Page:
Wednesday 6 Jumada al-ula 1444 - 30 November 2022
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What is meant by {from the average of that which you feed your [own] families} [al-Maa’idah 5:89]

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Publication : 09-08-2022

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Question

Allah, may He be exalted, says (interpretation of the meaning):

{Allah will not impose blame upon you for what is meaningless in your oaths, but He will impose blame upon you for [breaking] what you intended of oaths. So its expiation is the feeding of ten needy people from the average of that which you feed your [own] families or clothing them or the freeing of a slave. But whoever cannot find [or afford it] - then a fast of three days [is required]. That is the expiation for oaths when you have sworn. But guard your oaths. Thus does Allah make clear to you His verses that you may be grateful} [al-Maa’idah 5:89].

Why is it enjoined to give from the average of that which you feed your [own] families, and not from the average of what your families eat? As I do not feed my family; rather they feed me. So is the option of feeding poor people waived in my case, whilst the options of clothing them or freeing a slave remain, or what? Is this verse addressing the one who feeds his family only?

Summary of answer

The words {from the average of that which you feed your [own] families} [al-Maa’idah 5:89], regarding the expiation for breaking an oath, do not mean that the one who wants to offer this expiation must be the one who feeds his family. Rather this is by way of explaining that the food should be the average of the type of food that he or his family eat.

Praise be to Allah.

Firstly:

What is the expiation for breaking an oath (kaffaarat al-yameen)?

The options for expiation for breaking an oath are in accordance with the order in which Allah, may He be glorified and exalted, mentions them in Soorat al-Maa’idah, where He says (interpretation of the meaning):

{Allah will not impose blame upon you for what is meaningless in your oaths, but He will impose blame upon you for [breaking] what you intended of oaths. So its expiation is the feeding of ten needy people from the average of that which you feed your [own] families or clothing them or the freeing of a slave. But whoever cannot find [or afford it] - then a fast of three days [is required]. That is the expiation for oaths when you have sworn. But guard your oaths. Thus does Allah make clear to you His verses that you may be grateful} [al-Maa’idah 5:89].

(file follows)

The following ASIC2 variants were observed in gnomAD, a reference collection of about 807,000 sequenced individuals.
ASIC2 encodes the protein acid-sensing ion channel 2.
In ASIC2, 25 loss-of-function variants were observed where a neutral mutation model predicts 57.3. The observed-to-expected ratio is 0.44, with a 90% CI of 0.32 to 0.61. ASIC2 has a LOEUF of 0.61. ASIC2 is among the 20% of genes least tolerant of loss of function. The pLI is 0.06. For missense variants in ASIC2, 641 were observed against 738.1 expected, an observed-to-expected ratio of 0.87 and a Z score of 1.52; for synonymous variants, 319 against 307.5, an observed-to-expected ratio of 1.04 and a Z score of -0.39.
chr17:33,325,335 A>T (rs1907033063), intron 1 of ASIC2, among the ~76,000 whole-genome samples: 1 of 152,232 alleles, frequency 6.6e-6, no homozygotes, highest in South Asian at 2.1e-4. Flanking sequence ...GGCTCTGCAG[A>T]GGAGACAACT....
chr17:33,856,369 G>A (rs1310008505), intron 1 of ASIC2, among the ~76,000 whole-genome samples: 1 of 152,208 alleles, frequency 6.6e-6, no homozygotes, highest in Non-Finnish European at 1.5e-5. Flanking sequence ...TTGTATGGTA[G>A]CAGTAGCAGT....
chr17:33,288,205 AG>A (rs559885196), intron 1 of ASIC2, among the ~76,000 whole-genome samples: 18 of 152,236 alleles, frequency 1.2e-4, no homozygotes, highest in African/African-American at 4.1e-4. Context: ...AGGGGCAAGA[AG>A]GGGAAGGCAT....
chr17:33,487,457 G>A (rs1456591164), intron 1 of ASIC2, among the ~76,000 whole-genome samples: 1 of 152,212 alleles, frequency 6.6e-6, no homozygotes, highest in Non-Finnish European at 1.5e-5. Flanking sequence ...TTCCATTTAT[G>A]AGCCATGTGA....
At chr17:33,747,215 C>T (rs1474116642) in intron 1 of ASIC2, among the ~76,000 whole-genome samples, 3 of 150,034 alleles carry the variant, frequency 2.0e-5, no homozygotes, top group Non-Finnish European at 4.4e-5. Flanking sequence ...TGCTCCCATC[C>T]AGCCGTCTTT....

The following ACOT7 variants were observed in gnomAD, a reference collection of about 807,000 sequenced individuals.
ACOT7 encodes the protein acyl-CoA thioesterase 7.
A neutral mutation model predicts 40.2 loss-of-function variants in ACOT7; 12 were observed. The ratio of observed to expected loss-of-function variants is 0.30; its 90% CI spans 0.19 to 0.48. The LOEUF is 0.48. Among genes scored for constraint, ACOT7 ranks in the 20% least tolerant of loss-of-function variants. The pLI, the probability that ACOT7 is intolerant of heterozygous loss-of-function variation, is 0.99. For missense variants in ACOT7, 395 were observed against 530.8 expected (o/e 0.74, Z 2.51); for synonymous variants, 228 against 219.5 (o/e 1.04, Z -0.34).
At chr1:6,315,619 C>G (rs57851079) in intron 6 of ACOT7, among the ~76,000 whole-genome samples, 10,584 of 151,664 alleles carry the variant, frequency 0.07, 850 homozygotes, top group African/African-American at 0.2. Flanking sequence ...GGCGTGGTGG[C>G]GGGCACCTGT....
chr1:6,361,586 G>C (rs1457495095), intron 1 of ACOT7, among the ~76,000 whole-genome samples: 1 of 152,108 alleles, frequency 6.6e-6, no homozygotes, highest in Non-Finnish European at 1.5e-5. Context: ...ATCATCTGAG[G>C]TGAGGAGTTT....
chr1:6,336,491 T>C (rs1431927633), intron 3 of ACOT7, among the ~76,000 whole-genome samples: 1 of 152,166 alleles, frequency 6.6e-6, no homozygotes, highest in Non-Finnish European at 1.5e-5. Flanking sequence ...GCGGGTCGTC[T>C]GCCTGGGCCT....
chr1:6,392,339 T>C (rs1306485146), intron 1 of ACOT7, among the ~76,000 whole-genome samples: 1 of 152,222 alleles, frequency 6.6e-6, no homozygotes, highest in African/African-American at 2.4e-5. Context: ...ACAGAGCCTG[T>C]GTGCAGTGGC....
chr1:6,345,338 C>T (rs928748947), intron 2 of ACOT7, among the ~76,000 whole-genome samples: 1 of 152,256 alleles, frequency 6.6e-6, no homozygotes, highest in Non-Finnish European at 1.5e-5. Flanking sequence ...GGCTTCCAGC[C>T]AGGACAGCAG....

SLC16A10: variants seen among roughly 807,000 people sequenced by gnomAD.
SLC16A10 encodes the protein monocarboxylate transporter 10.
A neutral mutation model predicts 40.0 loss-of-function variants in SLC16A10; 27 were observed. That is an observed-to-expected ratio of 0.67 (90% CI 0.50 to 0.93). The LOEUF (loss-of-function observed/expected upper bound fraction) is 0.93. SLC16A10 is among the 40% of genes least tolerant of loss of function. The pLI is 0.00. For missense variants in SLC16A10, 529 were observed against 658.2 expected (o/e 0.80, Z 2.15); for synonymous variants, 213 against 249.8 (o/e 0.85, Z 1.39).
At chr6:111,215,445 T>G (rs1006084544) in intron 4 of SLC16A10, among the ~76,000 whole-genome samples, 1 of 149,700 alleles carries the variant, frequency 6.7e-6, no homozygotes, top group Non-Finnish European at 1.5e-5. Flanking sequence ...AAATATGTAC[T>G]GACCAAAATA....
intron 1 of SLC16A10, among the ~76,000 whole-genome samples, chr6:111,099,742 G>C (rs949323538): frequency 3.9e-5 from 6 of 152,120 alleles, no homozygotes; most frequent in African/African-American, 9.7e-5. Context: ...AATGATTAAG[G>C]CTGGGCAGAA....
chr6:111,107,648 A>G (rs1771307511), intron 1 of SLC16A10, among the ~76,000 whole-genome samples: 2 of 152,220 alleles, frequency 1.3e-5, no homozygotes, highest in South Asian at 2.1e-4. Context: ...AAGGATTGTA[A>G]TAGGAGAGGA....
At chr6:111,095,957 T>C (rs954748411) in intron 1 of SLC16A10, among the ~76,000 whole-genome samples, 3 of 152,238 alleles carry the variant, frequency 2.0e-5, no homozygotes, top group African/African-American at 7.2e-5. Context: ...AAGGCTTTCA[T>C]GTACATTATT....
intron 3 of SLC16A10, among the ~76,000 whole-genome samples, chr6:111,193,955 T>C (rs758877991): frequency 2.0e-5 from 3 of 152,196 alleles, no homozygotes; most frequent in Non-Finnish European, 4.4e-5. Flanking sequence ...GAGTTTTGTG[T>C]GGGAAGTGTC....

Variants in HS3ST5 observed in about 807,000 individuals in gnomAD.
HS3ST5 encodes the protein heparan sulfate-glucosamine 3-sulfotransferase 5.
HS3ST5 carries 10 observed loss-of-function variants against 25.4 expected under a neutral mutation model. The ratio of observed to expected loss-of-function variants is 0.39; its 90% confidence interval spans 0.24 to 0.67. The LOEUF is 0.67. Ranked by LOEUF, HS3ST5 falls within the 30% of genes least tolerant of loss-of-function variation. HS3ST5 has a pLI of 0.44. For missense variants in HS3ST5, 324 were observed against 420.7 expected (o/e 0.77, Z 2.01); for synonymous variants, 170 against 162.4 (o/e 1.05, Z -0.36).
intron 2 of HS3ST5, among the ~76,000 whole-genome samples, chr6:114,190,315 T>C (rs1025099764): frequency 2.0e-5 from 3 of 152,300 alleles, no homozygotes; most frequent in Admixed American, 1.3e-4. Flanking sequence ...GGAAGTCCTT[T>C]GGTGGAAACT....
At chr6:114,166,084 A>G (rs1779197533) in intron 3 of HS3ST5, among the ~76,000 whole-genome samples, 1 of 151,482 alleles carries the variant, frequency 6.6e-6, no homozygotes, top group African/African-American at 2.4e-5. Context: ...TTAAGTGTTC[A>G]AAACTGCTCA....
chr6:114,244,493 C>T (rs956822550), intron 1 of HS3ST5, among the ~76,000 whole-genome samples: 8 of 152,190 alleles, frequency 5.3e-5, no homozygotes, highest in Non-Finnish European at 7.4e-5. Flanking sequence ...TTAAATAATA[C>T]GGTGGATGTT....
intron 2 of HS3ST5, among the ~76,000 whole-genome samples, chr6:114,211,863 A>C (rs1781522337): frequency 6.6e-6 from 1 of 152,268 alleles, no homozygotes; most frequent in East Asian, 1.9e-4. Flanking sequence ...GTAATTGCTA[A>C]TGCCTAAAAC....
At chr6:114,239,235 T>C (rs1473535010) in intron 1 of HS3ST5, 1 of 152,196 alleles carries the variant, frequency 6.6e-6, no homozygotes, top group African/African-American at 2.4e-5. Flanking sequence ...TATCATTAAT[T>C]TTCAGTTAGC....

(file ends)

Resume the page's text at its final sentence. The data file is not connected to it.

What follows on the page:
The one who is offering this expiation must choose one of these three options and do it:

Feeding ten poor persons from the average of that which he feeds his [own] family,

Or clothing them,

Or freeing a slave.

The one who does one of these things has discharged his duty and has done what is required of him. If he is unable to do any of these three options, he moves to the option of fasting, and he must fast three days.

The amount of food that must be given

The amount of food that must be given is half of one saa‘ to each poor person, which is equivalent to approximately one and a half kilograms of rice and the like. If some kind of sauce is provided with it, that is better. It is sufficient to provide lunch or dinner to ten poor people. In terms of clothing, it is sufficient to give a chemise (thobe) to each poor person.

It is not permissible to move to the option of fasting when one is able to feed or clothe poor people or free a slave, because Allah, may He be exalted, says (interpretation of the meaning) {But whoever cannot find [or afford it] - then a fast of three days [is required]} [al-Maa’idah 5:89].

Ibn al-Mundhir (may Allah have mercy on him) said: The scholars are unanimously agreed that if the one who made an oath can afford to feed or clothe poor persons, or free a slave, it is not valid for him to fast if he breaks his oath." (Al-Ijmaa‘  p. 157).

See also the answer to question no. 178167 .

Secondly:

Why did the Qur’an say {from the average of that which you feed your [own] families} with regard to the expiation for breaking an oath?